Fun Facts about Fungi

White mushroom on forest floor

Learn About Mushrooms

There’s not “mush-room” (much room) for debate, fungi are great! September is Mushroom Month, making now the perfect opportunity to highlight these important organisms.

What exactly is a mushroom? It’s the reproductive structure produced by some fungi. It’s like the fruit of a plant, except that the seeds it produces are millions of microscopic spores that form in the gills, or pores, underneath the mushroom’s cap.

Here are some mushrooms you can find in the Credit River Watershed.

Giant puff ball

White mushroom shaped by a volleyball
Giant puff ball mushroom. Creative Commons by Dr Mary Gillam

Mature giant puff balls (Calvatia gigantea) can easily be mistaken for volleyballs! They can grow to about 30 centimetres wide. Puffballs are spherical and don’t have a cap or stalk like mushrooms you see in storybooks. Instead, the spores form in what’s called a gleba in the middle of the ball.

This mushroom gets its name from the clouds of spores they release when the mushroom bursts. The outer skin-like layer of the puffball will burst when it becomes dry and fragile – the tiniest bit of pressure is enough to shoot the spores out. Pressure can come from an animal knocking it as it goes by, a stick falling on the it or rain drops.

Fairy inkcap

Cluster of small inkcap mushrooms
Fairy inkcaps range in colour from pure white to brown.

Delicate fairy inkcaps are scientifically known as Coprinellus disseminatus. They are found in small clusters or in large patches by the thousands. Fairy inkcaps grow on and beside stumps and other forms of rotting wood.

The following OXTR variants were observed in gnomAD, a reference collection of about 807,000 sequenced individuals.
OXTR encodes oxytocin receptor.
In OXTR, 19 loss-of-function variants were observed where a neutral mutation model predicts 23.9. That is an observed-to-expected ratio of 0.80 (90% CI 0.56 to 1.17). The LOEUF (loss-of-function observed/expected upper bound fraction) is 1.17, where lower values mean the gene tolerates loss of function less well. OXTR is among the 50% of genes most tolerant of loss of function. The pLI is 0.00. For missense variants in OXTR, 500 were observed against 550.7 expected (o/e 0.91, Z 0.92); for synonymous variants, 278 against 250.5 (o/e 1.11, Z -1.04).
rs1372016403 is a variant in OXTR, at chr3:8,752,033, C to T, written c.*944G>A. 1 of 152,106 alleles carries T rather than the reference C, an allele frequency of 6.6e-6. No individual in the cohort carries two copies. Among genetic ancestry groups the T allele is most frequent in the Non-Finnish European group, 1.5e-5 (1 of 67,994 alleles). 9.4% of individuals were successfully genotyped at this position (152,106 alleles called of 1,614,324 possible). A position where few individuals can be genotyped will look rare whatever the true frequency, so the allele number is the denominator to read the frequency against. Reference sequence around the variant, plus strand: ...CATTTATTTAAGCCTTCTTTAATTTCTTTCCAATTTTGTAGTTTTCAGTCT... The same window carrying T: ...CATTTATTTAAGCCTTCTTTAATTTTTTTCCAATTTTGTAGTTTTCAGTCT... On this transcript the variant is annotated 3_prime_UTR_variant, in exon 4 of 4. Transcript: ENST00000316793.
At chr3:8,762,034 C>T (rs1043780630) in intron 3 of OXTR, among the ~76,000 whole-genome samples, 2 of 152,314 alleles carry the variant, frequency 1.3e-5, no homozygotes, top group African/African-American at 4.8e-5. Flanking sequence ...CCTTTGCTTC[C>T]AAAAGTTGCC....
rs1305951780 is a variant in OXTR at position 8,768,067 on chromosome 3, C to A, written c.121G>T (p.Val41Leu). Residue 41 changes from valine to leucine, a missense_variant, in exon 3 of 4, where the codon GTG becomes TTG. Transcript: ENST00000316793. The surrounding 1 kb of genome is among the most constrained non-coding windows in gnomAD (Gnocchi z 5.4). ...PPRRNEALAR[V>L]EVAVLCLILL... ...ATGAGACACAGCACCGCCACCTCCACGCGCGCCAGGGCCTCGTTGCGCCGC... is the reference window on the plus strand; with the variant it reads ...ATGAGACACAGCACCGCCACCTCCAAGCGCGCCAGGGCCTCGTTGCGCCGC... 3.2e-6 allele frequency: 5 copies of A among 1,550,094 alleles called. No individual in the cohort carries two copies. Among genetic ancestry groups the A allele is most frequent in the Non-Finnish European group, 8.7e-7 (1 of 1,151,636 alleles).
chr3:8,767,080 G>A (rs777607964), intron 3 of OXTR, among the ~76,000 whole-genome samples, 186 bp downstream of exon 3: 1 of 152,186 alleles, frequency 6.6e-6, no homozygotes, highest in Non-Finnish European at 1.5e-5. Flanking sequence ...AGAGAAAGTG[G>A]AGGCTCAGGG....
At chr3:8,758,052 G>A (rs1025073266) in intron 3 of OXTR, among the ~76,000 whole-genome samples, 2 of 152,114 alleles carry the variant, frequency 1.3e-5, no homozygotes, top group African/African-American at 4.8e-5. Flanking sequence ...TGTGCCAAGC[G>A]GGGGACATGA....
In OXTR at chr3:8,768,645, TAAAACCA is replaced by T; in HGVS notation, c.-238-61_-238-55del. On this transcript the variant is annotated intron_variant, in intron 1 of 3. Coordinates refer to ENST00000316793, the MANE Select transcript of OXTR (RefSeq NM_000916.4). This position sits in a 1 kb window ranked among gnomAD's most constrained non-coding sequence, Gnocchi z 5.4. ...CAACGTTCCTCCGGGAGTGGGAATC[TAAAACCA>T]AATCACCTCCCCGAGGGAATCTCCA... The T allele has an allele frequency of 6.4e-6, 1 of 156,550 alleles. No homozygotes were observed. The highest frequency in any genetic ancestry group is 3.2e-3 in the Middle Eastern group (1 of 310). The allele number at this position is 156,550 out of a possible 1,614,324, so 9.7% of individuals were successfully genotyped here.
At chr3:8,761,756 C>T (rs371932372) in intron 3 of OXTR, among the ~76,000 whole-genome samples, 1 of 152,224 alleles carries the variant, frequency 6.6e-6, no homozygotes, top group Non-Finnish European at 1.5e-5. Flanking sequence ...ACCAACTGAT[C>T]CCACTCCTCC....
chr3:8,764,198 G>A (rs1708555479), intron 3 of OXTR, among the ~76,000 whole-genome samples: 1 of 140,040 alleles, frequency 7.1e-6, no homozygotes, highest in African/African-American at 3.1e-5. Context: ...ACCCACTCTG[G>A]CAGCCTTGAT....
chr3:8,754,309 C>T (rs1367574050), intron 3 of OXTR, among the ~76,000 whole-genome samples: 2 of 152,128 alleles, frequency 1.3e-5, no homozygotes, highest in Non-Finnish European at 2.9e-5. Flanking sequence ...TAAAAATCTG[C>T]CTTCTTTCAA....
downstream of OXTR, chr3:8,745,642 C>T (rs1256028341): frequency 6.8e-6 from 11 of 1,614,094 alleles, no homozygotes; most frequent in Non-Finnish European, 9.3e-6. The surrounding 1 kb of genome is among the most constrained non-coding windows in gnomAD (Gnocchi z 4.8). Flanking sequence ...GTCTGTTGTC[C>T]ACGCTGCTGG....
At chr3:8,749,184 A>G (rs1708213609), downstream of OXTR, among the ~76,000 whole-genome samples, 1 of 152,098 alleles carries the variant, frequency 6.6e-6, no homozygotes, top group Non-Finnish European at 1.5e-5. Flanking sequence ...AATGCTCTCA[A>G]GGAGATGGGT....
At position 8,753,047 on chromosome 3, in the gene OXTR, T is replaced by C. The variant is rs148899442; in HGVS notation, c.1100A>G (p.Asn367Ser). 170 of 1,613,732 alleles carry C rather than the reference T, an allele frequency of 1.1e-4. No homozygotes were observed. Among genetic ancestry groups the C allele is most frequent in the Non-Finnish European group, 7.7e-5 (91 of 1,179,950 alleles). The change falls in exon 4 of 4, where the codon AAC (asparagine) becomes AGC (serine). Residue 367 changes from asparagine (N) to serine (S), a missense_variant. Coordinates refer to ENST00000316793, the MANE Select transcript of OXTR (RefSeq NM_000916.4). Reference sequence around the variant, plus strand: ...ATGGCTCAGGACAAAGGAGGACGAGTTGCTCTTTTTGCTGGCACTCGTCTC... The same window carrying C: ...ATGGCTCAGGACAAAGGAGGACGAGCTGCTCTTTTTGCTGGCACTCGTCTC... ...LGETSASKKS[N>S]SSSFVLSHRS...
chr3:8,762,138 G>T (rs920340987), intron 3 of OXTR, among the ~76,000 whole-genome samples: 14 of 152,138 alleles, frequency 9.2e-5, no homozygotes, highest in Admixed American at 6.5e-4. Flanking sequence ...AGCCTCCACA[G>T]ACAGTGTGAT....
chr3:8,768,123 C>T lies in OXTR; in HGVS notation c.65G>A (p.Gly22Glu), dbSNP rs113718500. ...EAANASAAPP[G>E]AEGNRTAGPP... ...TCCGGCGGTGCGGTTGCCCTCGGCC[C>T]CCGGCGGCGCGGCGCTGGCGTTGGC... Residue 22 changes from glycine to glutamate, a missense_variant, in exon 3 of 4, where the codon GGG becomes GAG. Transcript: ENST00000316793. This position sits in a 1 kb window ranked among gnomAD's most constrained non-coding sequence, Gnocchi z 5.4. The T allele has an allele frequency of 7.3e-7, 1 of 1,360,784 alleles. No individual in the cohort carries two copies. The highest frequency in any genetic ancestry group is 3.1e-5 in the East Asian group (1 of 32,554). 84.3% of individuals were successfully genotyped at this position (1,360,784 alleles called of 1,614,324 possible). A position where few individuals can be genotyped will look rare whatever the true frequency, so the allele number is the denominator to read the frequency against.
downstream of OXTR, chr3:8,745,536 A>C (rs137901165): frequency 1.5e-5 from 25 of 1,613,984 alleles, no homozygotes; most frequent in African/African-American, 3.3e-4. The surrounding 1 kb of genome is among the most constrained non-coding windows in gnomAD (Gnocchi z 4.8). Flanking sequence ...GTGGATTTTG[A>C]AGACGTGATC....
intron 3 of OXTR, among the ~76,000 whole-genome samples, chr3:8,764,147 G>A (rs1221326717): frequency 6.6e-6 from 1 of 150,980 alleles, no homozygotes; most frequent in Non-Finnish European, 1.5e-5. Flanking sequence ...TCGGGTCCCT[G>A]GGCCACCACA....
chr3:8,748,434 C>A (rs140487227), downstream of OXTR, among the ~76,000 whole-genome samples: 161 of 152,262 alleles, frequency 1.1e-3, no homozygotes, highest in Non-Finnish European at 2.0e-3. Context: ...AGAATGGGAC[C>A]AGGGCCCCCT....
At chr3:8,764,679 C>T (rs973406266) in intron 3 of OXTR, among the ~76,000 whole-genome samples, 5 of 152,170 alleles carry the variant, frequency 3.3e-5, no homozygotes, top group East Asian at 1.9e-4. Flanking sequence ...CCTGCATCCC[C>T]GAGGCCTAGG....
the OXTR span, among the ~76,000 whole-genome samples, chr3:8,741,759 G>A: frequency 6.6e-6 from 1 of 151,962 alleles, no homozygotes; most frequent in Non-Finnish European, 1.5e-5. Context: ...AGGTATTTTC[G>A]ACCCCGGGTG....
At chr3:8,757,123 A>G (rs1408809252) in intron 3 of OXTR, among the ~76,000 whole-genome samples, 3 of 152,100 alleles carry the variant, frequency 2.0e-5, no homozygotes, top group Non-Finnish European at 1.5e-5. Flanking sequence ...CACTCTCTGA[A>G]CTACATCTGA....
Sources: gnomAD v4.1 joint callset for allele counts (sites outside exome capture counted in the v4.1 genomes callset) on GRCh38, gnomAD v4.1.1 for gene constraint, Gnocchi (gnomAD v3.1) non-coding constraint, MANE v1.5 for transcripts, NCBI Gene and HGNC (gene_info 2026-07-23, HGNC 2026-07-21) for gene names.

The species was given its name in 1938 by Jakob Emanuel Lang.

Chicken of the woods

Mushroom growing on a tree trunk.
The Latin name for Chicken of the Woods is Laetiporus sulphureus

Chicken of the woods mushrooms grow up the trunks of standing deciduous trees, such as oak. This species gets its name from the texture of its flesh, which is said to resemble cooked chicken. It’s also known as sulphur shelf, chicken mushroom and chicken fungus.

Turkey tails

Cluster of brown and white mushrooms on tree stump.
The Latin name for turkey tails is Trametes versicolor.

You can find turkey tail mushrooms all over the world. They are a polyporous mushroom which means many pores. Its pores are on its underside, which is the opposite to the gills found on most mushrooms.

Shaggy manes

Two white olbong mushrooms growing on the forest floor.
Shaggy mane’s have an egg-shaped top and a thin stem.

Shaggy mane mushrooms (Coprinus comatus) are found in many habitats: densely wooded areas, gardens and parks. Their caps are five to 14 centimetres tall and two to five centimeters wide, becoming bell-shaped as they mature. Shaggy mane start growing white and firm. As it matures, the mushroom cap liquefies. The gills and cap turn into a black goo. The entire cap eventually dissolves leaving only the stalk.

Shaggy manes are also known as shaggy inkcaps or lawyer’s wig mushrooms because the upturned scales on their caps look like the layered curls on the wigs worn by lawyers in historical courtrooms.

Jack-o’-lanters

Cluster of orange mushrooms along tree trunk
Jack-o’-lantern mushrooms typically grows in clusters of at least twelve mushrooms. Photo by Antonio Abbatiello, public domain, via Wikimedia Commons.

These bright mushrooms are Omphalotus olearius, commonly known as jack-o’-lantern mushrooms. Incredibly you can see these mushrooms glowing in the dark! While its bright colouring is beautiful to look at, it’s poisonous and should not be consumed or touched.

Mushrooms are an important part of a healthy environment because they are indicators of a diverse ecosystem and have an important role in nutrient recycling. They have the unique ability to break down wood, allowing nutrients to return to the soil and be available to other plants.

Please remember to admire with your eyes and not your hands. Mushrooms are delicate organisms and easily lose their rooting if disturbed. Never eat mushrooms you find in nature and always wash your hands if you accidentally touch one.

Share your mushroom photos with us on Facebook, Twitter and Instagram.

By Kimberley Laird, Associate, Marketing and Communications

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